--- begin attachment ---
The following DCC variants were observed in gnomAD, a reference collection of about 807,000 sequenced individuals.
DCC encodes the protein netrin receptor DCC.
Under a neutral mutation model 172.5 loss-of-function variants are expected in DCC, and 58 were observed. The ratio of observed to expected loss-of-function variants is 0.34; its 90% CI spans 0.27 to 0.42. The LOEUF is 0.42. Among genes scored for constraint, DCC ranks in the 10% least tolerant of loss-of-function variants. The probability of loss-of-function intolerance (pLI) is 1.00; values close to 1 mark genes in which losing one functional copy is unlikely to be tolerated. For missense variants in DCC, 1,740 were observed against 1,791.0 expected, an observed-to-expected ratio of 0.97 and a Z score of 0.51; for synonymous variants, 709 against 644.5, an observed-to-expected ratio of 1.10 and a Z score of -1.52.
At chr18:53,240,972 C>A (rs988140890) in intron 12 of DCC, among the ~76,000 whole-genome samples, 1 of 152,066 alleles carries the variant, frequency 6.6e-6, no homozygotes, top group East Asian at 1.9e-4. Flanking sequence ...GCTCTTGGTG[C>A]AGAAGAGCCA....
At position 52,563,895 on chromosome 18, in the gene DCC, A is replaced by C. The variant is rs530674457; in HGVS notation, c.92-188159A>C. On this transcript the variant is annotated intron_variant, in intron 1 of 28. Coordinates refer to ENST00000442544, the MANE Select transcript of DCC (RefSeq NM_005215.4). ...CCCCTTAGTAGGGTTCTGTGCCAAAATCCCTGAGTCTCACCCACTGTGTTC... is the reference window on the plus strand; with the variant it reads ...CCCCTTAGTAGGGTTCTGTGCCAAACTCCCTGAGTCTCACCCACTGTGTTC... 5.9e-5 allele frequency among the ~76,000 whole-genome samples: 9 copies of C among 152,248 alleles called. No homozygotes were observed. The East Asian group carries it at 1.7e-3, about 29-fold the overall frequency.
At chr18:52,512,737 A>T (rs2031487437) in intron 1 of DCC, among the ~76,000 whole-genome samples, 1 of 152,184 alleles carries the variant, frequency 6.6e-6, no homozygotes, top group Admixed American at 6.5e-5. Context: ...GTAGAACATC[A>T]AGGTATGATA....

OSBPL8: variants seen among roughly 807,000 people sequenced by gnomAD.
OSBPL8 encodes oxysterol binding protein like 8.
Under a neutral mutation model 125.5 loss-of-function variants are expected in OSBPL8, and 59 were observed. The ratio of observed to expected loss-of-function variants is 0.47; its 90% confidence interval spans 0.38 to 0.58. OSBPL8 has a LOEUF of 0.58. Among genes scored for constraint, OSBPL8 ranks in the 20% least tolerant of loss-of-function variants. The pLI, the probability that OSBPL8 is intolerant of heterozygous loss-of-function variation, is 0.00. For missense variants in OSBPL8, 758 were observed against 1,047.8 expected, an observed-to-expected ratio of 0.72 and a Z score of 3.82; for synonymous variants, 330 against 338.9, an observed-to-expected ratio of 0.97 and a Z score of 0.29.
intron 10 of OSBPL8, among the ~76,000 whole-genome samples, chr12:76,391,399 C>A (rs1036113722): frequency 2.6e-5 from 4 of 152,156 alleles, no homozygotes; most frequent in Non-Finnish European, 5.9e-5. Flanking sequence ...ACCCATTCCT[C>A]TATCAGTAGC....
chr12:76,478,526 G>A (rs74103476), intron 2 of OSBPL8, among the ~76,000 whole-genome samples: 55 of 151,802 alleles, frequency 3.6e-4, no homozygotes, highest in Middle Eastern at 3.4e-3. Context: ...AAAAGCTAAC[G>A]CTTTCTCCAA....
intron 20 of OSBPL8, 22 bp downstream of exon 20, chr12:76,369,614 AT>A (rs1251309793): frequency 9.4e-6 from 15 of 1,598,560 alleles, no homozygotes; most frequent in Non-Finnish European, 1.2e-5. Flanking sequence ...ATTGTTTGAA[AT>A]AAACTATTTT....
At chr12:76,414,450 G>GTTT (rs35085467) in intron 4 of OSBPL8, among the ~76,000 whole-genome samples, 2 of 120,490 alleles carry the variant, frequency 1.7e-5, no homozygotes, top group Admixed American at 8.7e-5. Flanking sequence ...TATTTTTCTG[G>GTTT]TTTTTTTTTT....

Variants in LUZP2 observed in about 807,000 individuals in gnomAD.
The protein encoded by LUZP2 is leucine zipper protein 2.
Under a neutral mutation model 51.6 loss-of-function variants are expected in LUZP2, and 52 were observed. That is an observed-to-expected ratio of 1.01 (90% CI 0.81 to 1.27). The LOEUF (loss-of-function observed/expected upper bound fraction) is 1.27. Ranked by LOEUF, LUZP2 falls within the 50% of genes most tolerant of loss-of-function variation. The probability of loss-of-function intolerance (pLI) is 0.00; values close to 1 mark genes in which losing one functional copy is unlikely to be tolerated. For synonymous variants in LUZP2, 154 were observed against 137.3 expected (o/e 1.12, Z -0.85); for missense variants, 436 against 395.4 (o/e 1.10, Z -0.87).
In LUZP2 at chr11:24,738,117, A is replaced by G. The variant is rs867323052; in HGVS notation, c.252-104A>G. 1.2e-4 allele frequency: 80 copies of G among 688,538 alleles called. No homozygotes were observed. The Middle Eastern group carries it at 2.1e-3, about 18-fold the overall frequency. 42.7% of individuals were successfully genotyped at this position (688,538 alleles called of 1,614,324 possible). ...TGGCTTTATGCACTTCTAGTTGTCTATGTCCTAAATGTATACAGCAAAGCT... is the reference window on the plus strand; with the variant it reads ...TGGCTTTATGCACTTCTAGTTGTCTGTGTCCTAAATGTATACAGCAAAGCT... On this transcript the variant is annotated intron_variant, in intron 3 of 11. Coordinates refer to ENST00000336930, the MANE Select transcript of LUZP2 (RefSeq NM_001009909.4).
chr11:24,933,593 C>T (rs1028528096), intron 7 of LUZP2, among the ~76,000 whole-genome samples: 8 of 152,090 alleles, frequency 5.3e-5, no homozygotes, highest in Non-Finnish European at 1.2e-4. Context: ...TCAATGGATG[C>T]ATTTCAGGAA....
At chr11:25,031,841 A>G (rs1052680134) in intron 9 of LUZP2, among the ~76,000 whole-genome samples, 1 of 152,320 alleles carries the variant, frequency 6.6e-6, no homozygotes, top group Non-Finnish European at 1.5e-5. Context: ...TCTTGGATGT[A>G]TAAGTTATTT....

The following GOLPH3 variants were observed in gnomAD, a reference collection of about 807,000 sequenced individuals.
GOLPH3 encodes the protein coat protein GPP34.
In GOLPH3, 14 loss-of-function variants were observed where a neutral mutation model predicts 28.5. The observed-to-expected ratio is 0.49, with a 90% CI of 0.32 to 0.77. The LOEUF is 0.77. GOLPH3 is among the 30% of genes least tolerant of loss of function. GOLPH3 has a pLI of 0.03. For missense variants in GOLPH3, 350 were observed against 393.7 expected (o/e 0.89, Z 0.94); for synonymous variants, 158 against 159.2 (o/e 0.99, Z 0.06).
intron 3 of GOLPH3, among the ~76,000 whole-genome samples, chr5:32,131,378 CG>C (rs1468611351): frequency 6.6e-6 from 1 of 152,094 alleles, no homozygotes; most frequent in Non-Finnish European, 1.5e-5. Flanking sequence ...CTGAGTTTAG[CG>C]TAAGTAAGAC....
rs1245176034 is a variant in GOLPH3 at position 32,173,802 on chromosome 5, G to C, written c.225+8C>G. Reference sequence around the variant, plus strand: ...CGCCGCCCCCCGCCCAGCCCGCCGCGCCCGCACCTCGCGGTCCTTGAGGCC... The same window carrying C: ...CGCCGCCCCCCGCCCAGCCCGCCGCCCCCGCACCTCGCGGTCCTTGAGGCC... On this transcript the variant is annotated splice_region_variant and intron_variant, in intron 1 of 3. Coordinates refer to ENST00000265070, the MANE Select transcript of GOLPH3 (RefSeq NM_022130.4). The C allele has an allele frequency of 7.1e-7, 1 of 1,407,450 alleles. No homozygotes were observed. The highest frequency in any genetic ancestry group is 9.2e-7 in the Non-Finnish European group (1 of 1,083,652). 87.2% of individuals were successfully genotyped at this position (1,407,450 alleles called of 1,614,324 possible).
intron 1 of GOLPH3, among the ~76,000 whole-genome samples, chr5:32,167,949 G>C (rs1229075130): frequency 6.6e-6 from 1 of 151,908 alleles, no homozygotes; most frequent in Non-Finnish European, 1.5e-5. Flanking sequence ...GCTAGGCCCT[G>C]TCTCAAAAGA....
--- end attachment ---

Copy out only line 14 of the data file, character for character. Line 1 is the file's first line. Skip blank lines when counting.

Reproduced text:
Variants in LUZP2 observed in about 807,000 individuals in gnomAD.